Web content includes any written or visual materials that will be read and seen through an online format only. Examples of written web content include web pages, online articles, marketing materials, training or instructional materials, newsletters, business memos, and even emails.
Some types of writing done online are narrow and specific (such as classroom discussion board posts and social media posts) and these do not follow the same guidelines as the broader business, educational, or journalistic web content discussed here.
What makes writing for the web different than other types of writing?
Online content is scanned rather than read thoroughly from top to bottom. The reader is there to get information quickly rather than to immerse themselves in the content. Scannability is the key factor in what makes writing web content different than other types of writing.
Online content is expected to be current, so it is commonly updated on a regular basis.
Purpose, Audience, & Tone of online written materials
Purpose- Every piece of writing should have a clear purpose or reason for the written material. This is no different for writing online web content. Keep your purpose and specific main point in mind, state it early in your writing, and do not include any information that moves the reader away from your purpose or main point. Because paragraphs must be concise, every paragraph should serve to help accomplish the overall purpose of the writing.
There are many reasons for writing web content and the purpose and audience may also drive the delivery method or platform used:
- A teacher may develop a website for students and parents to provide necessary classroom information and updates.
- A manager or a human resources administrator may develop training materials for new hires or write an internal business memo for all employees.
- A small business owner or expert in a field may write informational articles on topics important in their field.
- A community organization may create an online newsletter for members.
- Someone who is passionate about a topic may write opinion pieces or share their experiences through blog posts or articles.
Audience- The audience for your writing will vary, but you will need to identify who your general audience is and consider what they already know, what they need to know, and what kind of relationship you have with them—either personal or more professional. What is constant about an online audience is that they will expect to get the information quickly, likely by scanning section headings and reading only the first couple of sentences in a paragraph. Adapt your tone and word choice with your reader in mind.
Tone- In general, online writing is a bit more informal and conversational, but it will depend on the audience you are writing to and the relationship you have with that audience. Address your audience directly by using “you” instead of “students” or “employees,” for example. You can also use contractions and exclamation points to create a more conversational tone. It may even be appropriate to add humor.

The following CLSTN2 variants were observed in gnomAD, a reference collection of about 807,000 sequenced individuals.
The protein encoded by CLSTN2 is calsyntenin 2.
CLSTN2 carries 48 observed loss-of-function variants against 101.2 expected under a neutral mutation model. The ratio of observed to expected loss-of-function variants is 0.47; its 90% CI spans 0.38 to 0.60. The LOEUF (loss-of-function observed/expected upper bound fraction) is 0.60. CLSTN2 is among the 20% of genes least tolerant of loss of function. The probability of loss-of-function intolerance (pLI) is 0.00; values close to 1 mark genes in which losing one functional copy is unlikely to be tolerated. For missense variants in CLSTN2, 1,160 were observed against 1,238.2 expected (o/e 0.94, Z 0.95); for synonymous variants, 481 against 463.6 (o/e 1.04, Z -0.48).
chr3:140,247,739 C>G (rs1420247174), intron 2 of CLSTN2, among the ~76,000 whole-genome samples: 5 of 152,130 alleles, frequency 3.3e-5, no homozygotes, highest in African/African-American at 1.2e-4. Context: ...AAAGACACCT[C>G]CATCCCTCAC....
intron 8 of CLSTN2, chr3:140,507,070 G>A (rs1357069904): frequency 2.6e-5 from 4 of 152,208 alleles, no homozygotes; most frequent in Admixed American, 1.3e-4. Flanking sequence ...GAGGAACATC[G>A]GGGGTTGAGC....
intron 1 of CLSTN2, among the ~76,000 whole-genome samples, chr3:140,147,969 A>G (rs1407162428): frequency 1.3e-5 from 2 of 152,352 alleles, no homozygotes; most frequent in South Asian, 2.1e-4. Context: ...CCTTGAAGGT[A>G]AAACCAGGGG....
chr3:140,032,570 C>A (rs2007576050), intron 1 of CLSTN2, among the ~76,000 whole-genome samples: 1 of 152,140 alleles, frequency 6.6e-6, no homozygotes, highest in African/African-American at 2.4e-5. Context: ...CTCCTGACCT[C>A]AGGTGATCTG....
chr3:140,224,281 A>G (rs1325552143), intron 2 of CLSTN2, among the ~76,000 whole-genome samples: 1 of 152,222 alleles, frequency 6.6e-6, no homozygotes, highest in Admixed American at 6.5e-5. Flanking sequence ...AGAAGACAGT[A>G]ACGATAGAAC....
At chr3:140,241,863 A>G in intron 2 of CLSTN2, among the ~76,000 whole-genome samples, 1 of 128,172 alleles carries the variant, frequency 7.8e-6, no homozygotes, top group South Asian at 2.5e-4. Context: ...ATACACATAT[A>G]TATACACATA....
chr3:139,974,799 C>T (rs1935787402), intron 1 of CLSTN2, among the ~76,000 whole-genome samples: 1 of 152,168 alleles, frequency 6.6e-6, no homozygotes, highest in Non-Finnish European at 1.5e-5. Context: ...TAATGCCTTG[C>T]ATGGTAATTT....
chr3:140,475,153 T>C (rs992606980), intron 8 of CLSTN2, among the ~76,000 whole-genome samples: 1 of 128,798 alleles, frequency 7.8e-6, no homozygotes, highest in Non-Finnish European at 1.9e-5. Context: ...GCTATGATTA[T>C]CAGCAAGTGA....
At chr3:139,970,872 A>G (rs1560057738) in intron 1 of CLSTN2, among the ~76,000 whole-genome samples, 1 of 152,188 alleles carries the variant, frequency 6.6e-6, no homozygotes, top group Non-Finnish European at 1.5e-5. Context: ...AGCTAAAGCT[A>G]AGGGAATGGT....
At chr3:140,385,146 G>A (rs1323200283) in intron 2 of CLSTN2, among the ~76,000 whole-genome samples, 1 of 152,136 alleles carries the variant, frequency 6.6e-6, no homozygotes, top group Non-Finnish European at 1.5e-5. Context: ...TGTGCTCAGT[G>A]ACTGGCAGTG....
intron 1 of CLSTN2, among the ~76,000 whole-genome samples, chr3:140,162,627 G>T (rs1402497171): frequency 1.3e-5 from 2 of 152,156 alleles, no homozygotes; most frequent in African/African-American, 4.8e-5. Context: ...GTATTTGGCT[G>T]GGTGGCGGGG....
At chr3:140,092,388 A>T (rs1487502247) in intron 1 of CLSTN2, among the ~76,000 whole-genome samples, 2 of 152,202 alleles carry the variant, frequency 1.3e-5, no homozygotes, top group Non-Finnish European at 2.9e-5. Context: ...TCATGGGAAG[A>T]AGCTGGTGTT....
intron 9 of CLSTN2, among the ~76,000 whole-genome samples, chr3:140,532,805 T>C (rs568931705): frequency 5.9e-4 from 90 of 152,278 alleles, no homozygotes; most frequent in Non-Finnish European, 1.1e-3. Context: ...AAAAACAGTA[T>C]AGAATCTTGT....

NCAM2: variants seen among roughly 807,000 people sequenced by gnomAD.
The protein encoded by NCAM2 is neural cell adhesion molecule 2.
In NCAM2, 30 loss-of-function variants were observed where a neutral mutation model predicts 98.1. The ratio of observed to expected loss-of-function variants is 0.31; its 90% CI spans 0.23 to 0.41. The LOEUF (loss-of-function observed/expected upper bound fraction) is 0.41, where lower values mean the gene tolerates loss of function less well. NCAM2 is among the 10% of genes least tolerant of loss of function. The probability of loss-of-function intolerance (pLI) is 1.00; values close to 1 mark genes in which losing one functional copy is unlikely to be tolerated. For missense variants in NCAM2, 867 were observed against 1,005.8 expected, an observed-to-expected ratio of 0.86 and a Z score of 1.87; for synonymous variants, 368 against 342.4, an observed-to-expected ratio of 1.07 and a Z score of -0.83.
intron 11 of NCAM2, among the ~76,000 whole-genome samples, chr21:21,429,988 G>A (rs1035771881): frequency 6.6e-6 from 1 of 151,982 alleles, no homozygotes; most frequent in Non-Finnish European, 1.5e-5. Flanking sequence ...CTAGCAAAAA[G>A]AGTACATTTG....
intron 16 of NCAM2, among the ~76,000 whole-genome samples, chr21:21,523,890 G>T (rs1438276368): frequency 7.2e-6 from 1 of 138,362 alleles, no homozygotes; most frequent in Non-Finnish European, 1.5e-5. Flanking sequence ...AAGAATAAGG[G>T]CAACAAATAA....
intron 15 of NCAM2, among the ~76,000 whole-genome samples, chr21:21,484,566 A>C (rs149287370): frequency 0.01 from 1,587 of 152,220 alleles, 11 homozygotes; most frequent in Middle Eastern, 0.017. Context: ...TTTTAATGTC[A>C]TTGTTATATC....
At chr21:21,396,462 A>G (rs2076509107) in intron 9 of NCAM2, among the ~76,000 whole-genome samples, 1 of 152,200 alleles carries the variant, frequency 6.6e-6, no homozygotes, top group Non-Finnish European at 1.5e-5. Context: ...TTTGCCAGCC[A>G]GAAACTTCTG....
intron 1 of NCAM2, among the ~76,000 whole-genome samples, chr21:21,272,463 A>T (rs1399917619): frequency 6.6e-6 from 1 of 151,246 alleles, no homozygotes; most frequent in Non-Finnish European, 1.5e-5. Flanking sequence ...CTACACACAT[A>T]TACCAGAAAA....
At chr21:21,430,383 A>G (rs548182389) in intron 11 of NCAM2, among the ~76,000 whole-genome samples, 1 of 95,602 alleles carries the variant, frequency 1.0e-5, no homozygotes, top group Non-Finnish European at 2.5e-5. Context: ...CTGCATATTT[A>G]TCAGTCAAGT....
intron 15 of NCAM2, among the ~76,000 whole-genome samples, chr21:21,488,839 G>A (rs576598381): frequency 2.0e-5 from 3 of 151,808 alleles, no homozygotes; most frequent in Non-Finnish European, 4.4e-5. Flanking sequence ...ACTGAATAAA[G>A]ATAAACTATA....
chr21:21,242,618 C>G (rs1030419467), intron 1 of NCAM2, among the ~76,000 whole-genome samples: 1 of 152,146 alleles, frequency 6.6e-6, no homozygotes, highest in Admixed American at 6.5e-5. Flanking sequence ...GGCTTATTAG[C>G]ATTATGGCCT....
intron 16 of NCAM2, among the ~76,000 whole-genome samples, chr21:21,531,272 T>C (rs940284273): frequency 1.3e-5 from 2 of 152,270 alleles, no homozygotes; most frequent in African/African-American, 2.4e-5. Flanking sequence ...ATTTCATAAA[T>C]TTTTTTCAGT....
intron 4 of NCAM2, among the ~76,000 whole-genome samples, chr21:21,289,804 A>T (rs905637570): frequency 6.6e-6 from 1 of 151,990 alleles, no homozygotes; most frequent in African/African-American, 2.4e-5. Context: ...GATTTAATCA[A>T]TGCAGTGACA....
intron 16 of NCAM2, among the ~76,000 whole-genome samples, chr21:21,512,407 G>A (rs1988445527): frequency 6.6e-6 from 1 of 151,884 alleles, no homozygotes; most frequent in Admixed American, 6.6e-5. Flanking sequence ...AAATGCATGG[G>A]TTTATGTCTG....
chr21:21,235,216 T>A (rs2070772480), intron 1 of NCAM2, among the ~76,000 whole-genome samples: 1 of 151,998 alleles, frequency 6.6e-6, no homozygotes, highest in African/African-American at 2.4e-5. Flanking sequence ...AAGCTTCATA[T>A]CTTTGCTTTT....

Guidelines for writing web content:
- Getting to the main point: Quickly introduce the topic and state the main idea or purpose of the writing within the first paragraph or section.
- Using section headings: These separate different types of information, like you see on this page, and help readers scan. Since emails are generally very direct and specific communications, they do not always include section headings, but should be used for longer emails with a lot of information.
- Chunking the writing into small pieces: Paragraphs should be short. A single sentence may be used, and 5 sentences is the max per paragraph. This means ensuring clear and concise writing throughout.
- Numbered or bulleted lists: These are commonly used, especially when a paragraph or section contains a lot of content, like you see here.
- Bold font or italics: These can be used to draw your readers eye to important information. But use this strategy sparingly. Avoid underlining words as these can appear to be hyperlinks to the reader.
- Utilize white space: Use white space for better readability. Avoid text-heavy or overly crowded pages.
- Images or videos: These make the writing more engaging and create white space around text. Images are not commonly included in emails, but they can be. Be aware of copyright permissions for images you find online. Search for images and videos that are stock, public domain, Creative Commons, or your own unique images to avoid copyright issues.
- Citing & linking to sources: Always link to any referenced materials at the point of use to provide credit to the original source by using hypertext. You may also link to sources that can provide additional information on the topic for your reader. Be sure to use hypertext, like you see at the top of this webpage, rather than showing a URL address. Highlight the words, then use the keyboard shortcut Ctrl K or Cmd K to add the web address you want to link to.
- Course assignments: When completing an assignment for a course, there could be varying instructions that do not follow all the guidelines here. For example, you may be asked to write an online newsletter and to include a references list and academic style citations, which are not typically used for a newsletter. Always follow the specific assignment instructions first.